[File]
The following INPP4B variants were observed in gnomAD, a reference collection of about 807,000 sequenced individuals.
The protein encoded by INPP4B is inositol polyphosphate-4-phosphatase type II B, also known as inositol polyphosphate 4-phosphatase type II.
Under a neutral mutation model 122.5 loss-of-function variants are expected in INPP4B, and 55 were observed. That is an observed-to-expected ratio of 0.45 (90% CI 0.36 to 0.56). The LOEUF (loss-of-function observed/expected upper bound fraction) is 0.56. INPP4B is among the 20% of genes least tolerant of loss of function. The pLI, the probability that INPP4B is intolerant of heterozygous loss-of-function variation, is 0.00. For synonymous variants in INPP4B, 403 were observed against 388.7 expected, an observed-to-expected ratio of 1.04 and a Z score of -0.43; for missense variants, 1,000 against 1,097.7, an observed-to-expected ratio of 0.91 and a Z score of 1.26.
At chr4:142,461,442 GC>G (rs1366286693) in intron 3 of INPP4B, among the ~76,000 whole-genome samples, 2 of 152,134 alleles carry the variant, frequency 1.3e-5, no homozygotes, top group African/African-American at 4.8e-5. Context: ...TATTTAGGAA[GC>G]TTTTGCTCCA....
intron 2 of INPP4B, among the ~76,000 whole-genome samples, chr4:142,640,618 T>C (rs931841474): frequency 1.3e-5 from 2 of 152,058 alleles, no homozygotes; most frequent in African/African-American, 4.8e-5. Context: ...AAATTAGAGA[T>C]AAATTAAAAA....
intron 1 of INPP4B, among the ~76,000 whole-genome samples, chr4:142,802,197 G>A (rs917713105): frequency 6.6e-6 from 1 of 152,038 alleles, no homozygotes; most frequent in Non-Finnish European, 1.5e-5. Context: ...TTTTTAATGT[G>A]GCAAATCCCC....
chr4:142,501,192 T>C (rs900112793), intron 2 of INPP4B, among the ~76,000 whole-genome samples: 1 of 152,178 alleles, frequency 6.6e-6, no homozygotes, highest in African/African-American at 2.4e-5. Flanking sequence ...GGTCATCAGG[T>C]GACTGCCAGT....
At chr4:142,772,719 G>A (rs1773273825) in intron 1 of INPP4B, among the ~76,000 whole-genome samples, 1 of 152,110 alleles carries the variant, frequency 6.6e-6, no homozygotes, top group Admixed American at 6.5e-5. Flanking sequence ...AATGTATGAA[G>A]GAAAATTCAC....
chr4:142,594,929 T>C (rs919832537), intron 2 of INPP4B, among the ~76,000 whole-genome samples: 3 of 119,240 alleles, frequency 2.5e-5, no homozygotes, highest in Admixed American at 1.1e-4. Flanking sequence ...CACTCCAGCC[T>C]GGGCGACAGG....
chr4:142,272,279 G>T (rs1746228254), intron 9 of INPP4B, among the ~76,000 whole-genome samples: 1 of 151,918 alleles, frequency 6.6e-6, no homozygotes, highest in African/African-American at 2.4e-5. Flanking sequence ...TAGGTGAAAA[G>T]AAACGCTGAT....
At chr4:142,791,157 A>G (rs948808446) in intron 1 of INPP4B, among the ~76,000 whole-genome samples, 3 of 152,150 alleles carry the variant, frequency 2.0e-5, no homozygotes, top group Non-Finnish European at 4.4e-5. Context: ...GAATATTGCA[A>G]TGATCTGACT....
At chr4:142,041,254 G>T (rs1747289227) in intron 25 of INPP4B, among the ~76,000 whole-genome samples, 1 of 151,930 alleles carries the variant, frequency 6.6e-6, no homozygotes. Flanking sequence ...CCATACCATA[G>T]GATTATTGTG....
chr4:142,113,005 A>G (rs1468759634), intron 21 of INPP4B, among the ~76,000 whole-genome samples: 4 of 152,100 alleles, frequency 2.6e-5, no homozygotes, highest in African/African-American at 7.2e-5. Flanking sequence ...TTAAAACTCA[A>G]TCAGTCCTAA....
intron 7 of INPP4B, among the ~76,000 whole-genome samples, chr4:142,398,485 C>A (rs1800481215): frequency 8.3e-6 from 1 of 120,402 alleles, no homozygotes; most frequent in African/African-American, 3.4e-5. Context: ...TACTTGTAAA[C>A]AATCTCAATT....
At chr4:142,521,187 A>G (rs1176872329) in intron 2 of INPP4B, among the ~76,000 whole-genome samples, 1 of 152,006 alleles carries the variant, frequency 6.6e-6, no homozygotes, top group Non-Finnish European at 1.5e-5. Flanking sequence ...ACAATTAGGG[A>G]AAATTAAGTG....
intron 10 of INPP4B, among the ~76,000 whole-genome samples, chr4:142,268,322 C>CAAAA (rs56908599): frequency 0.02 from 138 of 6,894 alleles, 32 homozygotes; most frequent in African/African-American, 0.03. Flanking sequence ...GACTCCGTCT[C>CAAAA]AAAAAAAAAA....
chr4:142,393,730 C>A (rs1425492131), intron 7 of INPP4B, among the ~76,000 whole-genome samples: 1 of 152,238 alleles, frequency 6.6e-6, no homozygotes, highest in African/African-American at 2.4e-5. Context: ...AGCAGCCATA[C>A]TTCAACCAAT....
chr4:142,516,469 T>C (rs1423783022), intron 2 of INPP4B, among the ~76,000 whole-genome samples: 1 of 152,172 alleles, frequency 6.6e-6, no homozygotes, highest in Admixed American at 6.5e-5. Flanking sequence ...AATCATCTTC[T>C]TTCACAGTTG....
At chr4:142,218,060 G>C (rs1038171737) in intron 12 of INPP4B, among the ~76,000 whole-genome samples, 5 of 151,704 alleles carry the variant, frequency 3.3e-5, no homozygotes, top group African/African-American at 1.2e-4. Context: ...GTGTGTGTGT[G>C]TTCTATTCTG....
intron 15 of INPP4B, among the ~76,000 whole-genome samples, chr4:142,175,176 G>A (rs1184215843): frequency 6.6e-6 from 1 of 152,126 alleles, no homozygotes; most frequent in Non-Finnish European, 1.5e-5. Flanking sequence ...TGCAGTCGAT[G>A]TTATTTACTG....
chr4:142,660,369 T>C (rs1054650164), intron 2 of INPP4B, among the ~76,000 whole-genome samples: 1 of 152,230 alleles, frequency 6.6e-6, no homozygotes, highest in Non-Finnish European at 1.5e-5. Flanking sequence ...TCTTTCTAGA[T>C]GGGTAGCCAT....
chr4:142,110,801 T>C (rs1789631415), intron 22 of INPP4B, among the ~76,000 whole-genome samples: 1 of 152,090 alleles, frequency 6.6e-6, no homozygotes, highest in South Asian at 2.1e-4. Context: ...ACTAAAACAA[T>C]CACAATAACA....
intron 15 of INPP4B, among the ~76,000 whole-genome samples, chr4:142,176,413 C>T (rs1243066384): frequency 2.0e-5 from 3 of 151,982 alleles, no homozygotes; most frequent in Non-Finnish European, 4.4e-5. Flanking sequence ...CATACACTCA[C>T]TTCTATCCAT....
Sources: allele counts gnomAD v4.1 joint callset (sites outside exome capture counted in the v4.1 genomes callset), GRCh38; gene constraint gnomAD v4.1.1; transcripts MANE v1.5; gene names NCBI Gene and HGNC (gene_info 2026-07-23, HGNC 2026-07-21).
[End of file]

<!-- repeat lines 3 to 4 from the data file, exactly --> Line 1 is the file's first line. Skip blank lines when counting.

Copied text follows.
Under a neutral mutation model 122.5 loss-of-function variants are expected in INPP4B, and 55 were observed. That is an observed-to-expected ratio of 0.45 (90% CI 0.36 to 0.56). The LOEUF (loss-of-function observed/expected upper bound fraction) is 0.56. INPP4B is among the 20% of genes least tolerant of loss of function. The pLI, the probability that INPP4B is intolerant of heterozygous loss-of-function variation, is 0.00. For synonymous variants in INPP4B, 403 were observed against 388.7 expected, an observed-to-expected ratio of 1.04 and a Z score of -0.43; for missense variants, 1,000 against 1,097.7, an observed-to-expected ratio of 0.91 and a Z score of 1.26.
At chr4:142,461,442 GC>G (rs1366286693) in intron 3 of INPP4B, among the ~76,000 whole-genome samples, 2 of 152,134 alleles carry the variant, frequency 1.3e-5, no homozygotes, top group African/African-American at 4.8e-5. Context: ...TATTTAGGAA[GC>G]TTTTGCTCCA....